When I walk I try never to listen to anything more than the street noises around me such as the birds singing or the laughter of children. I want my full attention focused on the natural world. Actually there is a safety element in this since I want to hear every vehicle that is coming up on me from behind, but more importantly I don’t want to miss anything that might connect me to my world of the moment. Being without extraneous noise running through my brain also sharpens my vision and I notice details that make my walk more interesting. It was a silly thing, but the other day, I noticed a screen door on a house I was passing by. Now a screen door is not a storm door. A screen door is a large piece of metal screen attached to a usually flimsy door frame that covers the entrances to houses in the summer time. The job of a screen is to let air in and keep bugs out. When we were kids (circa 1950s, 1960s) the sound of screen doors slamming on the block was characteristic of summer. Kids were in and out all day long and every time they left the house to play the screen door would bang shut and Mother would call, “Try not to bang the screen door on your way out”, but always to no avail. This screen door I saw had the obligatory piece in the middle that you pushed on going out so you wouldn’t poke your hand through the screen or cause the screen to begin to bend out. The one I saw was rather ornate. It had some small spindles and was painted white.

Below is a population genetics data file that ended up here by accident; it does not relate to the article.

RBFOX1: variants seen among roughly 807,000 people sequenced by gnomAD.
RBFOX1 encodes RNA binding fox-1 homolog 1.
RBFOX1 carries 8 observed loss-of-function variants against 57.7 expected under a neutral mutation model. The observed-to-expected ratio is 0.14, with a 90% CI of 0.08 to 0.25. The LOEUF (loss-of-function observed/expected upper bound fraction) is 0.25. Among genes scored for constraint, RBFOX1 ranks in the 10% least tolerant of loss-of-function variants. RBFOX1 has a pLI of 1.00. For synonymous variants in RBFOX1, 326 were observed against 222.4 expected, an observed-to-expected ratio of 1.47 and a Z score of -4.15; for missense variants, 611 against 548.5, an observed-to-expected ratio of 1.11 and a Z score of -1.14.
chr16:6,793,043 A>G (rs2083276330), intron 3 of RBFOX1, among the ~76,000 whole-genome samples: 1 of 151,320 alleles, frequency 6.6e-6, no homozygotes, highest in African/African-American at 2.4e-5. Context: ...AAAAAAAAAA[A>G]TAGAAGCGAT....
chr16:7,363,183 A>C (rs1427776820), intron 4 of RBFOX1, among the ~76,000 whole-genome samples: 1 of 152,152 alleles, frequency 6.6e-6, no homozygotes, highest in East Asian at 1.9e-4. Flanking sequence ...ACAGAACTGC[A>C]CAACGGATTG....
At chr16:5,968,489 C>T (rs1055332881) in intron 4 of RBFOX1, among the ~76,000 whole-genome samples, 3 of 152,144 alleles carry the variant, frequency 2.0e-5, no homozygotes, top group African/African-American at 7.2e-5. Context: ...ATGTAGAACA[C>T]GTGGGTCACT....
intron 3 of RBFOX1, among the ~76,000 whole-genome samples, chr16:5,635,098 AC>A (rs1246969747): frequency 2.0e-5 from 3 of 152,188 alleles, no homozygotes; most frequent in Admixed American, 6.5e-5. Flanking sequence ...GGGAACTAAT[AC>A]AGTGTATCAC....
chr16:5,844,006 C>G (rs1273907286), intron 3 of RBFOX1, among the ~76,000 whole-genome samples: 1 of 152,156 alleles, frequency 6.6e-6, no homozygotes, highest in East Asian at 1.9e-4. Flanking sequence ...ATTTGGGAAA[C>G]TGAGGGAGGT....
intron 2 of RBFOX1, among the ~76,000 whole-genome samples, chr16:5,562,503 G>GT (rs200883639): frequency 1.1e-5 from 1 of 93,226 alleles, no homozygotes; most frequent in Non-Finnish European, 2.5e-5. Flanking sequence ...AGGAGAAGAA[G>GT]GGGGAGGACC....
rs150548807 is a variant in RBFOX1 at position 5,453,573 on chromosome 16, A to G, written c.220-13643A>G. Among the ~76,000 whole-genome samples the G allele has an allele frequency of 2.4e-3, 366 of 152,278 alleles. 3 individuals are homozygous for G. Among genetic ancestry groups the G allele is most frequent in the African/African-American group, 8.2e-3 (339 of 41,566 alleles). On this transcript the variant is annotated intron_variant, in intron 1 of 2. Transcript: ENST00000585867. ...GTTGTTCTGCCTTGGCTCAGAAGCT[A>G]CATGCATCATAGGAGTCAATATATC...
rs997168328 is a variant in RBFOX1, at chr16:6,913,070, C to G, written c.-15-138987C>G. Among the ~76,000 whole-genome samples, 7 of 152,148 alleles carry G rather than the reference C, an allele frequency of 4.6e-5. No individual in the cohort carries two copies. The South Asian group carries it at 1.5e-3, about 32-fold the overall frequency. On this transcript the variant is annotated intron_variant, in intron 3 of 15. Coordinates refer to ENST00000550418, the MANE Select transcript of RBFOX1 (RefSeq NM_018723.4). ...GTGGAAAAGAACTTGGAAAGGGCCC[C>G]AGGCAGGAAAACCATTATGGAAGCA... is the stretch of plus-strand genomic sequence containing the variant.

Back in “those days” no one had air conditioning or if you did, it was a swamp cooler that cooled off one room or maybe two so that is where everyone gathered in the house on the hottest days. The screen door did let in hot air but more importantly it let in any errant breezes that happened by and a breeze was absolutely heaven on a hot day. To see the curtains around the window stir and begin to move in the breeze that was blowing through the house was better than a cooler or a fan because it was a natural occasion. Seeing the curtains move you actually felt cooler. And when the sun set you could feel the air current was cooler. The screen door usually had a latch at the top you could hook. In a more secure time you could leave the door open at night and let the cooler night air blow through. When you latched the screen door from the inside you were safe.
Life was more neighborly with banging screen doors. Open doors meant that everyone in the neighborhood could call out to one another or to their children. Today’s central air as well as computers and other bits of technology keep us tightly in doors. Locked away from each other our desire for security is more than the protection of a piece of screen attached to a wooden frame can evoke. Too bad!